Full list of Campus and Community Activities and Associations
    • Association of Latino Professionals For America
    • Folklórico de North Texas
    • Hispanic Student Association
    • Latin Dreams
    • Mueve
    • National Association of Hispanic Journalists
    • National Association of Hispanic Professional Engineers
    • Society for Advancement of Chicanos/Hispanics and Native Americans in Sciences (UNT SACNAS)
    • UNeTe, (Latin faculty/staff alliance)
  • Fraternities/Sororities
    • Omega Delta Phi Fraternity, Inc. (ODPhi)
    • Lambda Theta Alpha Latin Sorority, Inc. (LTA
    • Kappa Delta Chi Sorority, Inc. (KDChi)
    • Sigma Lambda Gamma National Sorority, Inc. (Gammas)

Go to UNT’s Division of Institutional Equity and Diversity to learn more about our other initiatives.

Commitments for advancing UNT as an HSI

In the summer of 2020, President Smatresk committed to the Moving Forward Together plan, which advances UNT as an inclusive campus. Below are specific examples of the investments that UNT is making in advancing our university as an inclusive HSI.

  • Planning is underway for a new multicultural center to be constructed near the university union that will support our student body.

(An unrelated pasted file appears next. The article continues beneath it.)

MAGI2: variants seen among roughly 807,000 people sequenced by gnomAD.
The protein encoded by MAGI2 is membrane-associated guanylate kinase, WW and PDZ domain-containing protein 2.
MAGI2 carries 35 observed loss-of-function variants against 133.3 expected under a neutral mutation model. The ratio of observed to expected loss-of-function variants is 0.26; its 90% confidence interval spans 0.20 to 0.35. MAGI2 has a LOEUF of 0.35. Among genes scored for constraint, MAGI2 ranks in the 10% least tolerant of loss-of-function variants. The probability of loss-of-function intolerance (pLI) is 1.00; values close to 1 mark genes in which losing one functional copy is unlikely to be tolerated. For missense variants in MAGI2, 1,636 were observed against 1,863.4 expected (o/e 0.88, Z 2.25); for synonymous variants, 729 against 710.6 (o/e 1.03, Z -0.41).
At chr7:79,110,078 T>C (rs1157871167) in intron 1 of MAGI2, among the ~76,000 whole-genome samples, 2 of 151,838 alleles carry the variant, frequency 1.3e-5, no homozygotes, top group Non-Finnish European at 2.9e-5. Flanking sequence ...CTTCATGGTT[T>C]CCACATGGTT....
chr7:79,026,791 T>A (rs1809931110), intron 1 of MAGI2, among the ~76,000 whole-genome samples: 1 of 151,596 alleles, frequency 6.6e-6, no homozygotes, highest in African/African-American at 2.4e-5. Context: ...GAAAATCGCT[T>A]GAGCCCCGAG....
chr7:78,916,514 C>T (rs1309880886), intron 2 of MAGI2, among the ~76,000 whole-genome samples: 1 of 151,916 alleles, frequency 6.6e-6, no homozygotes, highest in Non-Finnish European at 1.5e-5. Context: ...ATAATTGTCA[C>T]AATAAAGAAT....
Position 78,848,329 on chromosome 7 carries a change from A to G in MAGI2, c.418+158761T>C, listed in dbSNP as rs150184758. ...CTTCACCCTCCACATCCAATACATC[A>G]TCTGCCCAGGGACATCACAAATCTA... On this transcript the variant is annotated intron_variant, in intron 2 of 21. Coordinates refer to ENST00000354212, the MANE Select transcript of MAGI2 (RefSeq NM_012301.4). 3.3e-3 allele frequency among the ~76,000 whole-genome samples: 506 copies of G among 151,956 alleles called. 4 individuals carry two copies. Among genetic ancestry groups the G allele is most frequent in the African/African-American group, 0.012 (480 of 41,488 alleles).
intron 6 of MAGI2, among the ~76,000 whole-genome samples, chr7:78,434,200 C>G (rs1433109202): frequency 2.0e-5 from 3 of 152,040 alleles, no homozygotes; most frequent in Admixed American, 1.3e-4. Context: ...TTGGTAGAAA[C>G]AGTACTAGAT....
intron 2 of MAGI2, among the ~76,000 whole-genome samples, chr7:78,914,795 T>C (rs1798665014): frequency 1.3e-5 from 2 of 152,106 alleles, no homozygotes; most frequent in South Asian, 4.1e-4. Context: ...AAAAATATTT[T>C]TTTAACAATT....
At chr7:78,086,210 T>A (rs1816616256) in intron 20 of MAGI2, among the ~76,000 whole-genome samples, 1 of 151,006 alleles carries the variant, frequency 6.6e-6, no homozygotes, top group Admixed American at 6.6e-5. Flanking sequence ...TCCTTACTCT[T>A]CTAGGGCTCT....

• Damian Torres, director of the UNT Multicultural Center, has been appointed to serve on the board of the Texas Men of Color Consortium.
  • Marcos Villarreal, new student services coordinator in the Multicultural Center was hired in December 2020 and he has made a significant impact on the services provided for Hispanic students at UNT. He is also the coordinator of the new Eagle Dreamers Resource Center. Nearly twenty years in the making, a ‘soft opening’ of the new resource center was held on November 4, 2021. The new resource center will expand resources, programming, collaboration, safe spaces, and training for the UNT community in all aspects of DACA and undocumented status.
  • UNT is an institutional member of both TACHE and HACU.  Institutional membership in these organizations provides UNT students, staff and faculty with access to conferences, workshops, scholarships and other resources. 
  • Cesar Quezda, assistant director of UNT’s Multicultural Center, serves as president of Membership for the Texas Association of Chicanos in Higher Education or TACHE.  Since 1974, this professional association has been committed to the improvement of educational and employment opportunities for Chicanos in higher education and support its membership by providing resources, cariño, and respite.  TACHE’s purpose to provide state, regional, and local forums for the discussion of issues related to Chicanos in higher education and to collaborate with institutions of higher learning to create workable solutions for these issues.  TACHE’s goals are to (1) articulate educational problems, needs, and issues related to Chicanos in higher education; (2) to engage actively in building networks with local, state, and national organizations for the purpose of securing changes in laws and policies detrimental to TACHE’s constituencies; (3) to assist in establishing effective institutional programs and communications to recruit and retain Chicano students, faculty, and administrators in higher education; and (4) to assist in the promotion of the history and culture of Chicanos for educational and public information purposes.